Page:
Risk Management Pucker Factor: Despite the fact that failing to use established guidance should be what opens you to liability, the fear is that changing something — even something that is wrong — will create a liability problem. If we remove a stop sign and someone gets hit, the personal injury attorneys are going to hone in on the deepest pockets they can find. So, we need more justification for a decision to remove unwarranted stop signs than the guidance that should have prevented their installation in the first place.
One method is to support the cause with crash data. But there are some challenges with this: 1) crash data makes up a tiny fraction of overall conflict experience; 2) the tell-tale crash data will not be at the intersections with the unwarranted stop signs, it will be at downstream intersections where stopping path traffic is more likely warranted. The main safety issue is that unwarranted signs habituate people to ignoring signs. Mighk has complied crash data for the prioritized paths. There is evidence of the correlation we expected — high crash counts at Cady Way Trail and Baldwin Park Street follow a section of path where there are 6 stop signs at minor intersection in 1,500 ft. There is a similar pattern on the West Orange Trail.
Another safety issue that is impossible to count with crash data is created by a pattern of compensatory behavior. In many places, motorists who are accustomed to bicyclists running the stop signs are stopping and waving bicyclists through all-way controlled path intersections. The bicyclists who use those intersections regularly become accustomed to this. This habituates regular users to operate based on assumptions rather than in response to clear guidance. It’s all in good fun until one motorist doesn’t get the memo on this unwritten protocol.
Public Input & Potential Backlash: Another problem we have is the widespread and not-unwarranted perception that bicyclists ignore stop signs. Removing unwarranted stop signs is likely to be viewed by the non-cycling public as rewarding scofflaws. It’s pretty much impossible to make the nuanced point that overuse of stop signs where they are not appropriate increases the propensity to ignore them. Even typically law abiding bicyclists are not going to stop every 500 ft at a bunch of dirt driveways.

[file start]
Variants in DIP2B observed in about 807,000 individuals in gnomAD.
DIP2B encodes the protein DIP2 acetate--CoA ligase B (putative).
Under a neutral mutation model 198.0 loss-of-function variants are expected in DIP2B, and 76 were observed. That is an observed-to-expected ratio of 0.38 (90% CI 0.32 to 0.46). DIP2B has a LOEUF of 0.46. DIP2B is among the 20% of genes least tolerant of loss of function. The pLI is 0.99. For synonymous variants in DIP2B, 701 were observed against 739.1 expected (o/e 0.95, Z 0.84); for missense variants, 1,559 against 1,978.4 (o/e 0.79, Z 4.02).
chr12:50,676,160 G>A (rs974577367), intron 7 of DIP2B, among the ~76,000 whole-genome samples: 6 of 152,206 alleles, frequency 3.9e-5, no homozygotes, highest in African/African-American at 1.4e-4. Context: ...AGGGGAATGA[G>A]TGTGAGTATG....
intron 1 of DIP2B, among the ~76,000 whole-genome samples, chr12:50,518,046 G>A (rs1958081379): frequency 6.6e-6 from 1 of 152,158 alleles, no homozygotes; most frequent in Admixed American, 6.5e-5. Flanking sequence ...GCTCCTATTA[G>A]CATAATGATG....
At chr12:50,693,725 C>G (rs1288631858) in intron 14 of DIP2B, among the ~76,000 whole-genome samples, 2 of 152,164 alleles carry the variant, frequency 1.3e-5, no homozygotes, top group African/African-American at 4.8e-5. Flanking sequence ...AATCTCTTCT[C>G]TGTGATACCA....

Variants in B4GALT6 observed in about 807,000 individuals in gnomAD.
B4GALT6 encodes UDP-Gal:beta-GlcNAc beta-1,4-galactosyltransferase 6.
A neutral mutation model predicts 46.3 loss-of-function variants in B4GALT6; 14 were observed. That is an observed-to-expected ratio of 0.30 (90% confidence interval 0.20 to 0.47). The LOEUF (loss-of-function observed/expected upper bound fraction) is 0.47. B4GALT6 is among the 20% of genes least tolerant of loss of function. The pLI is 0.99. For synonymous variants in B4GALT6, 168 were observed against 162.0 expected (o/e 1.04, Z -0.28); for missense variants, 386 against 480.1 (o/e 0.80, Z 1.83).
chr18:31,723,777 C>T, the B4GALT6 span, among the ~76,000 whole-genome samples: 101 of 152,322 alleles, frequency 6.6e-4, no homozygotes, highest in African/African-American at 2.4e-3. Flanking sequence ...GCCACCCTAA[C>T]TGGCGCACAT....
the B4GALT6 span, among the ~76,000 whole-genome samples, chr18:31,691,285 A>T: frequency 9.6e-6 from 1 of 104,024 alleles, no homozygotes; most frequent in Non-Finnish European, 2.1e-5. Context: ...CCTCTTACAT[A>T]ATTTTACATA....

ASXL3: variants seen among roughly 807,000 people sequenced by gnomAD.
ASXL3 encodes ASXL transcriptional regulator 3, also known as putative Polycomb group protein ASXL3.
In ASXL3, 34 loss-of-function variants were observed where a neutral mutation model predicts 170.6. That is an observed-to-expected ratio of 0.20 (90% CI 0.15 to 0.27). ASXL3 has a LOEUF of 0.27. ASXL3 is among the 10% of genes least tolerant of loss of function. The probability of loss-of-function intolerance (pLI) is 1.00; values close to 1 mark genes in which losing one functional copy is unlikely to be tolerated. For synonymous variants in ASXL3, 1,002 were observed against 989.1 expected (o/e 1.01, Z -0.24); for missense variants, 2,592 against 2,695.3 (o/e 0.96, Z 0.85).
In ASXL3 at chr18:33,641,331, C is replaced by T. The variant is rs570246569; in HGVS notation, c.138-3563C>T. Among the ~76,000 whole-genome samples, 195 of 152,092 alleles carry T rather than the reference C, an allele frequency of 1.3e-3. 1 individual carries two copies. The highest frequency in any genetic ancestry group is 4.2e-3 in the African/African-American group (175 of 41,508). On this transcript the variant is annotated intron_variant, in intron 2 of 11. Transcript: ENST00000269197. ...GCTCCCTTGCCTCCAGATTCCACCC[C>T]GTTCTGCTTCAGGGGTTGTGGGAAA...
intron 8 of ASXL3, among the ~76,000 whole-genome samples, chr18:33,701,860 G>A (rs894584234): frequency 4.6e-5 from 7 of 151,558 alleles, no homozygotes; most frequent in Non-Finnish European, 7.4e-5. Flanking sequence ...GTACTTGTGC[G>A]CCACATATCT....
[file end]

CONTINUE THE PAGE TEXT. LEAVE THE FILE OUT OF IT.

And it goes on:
Behavior counts. It’s hard to have a conversation on behalf of bicyclists with people who have routinely been run off the path or had the crap scared out of them by reckless bicyclists. These are the people who will show up at a public meeting to oppose removal of stop signs. So, aside from being polite on the path (as I suspect most of our readers are), we need to be willing to show up if this does come to a public input process. We will post alerts to let you know when and where.
Another way you can move this process along is to add your public input now. Are there intersections where you have had problems: had close calls, witnessed close calls, where you experience confusion (deadlock of “you go” “no, you go”)? If you’ve ever had a crash that was not reported (most minor ones are not) as a result of a confusing intersection, please tell us about that too. Write to Mighk Wilson (MWilson@metroplanorlando.com). You can also tell us about it in the comments.
While the process for removing unwarranted signs will probably not be a short one, it is possible. All the engineers, planners and trail managers on the workgroup are interested in making it happen.
Another thing to come of this endeavor will be a set of metro-wide standards for all future MUP projects. With the focus on Close the Gaps and the political support for our path network, we have an opportunity to prioritize trail traffic. For example, in The Netherlands, “chance of stop” is a design criterion. On an arterial path, the maximum number of stops per kilometer is specified as .5 (that’s one per 2 kilometers).* Cady Way would be an example of an arterial path. Right now, between Beach Street and Lake Baldwin Lane there are 7 stop signs in one kilometer.
Bicyclists are intimately aware of energy loss from frequent stops. If we want to promote bicycling as an alternative, we need to promote equitable standards for stop controls. Giving right of way priority to every other street and driveway, no matter how minor, punishes bicyclists and eliminates any hope of improving bicyclist compliance.
* Source: Trail Intersection Design p 3-9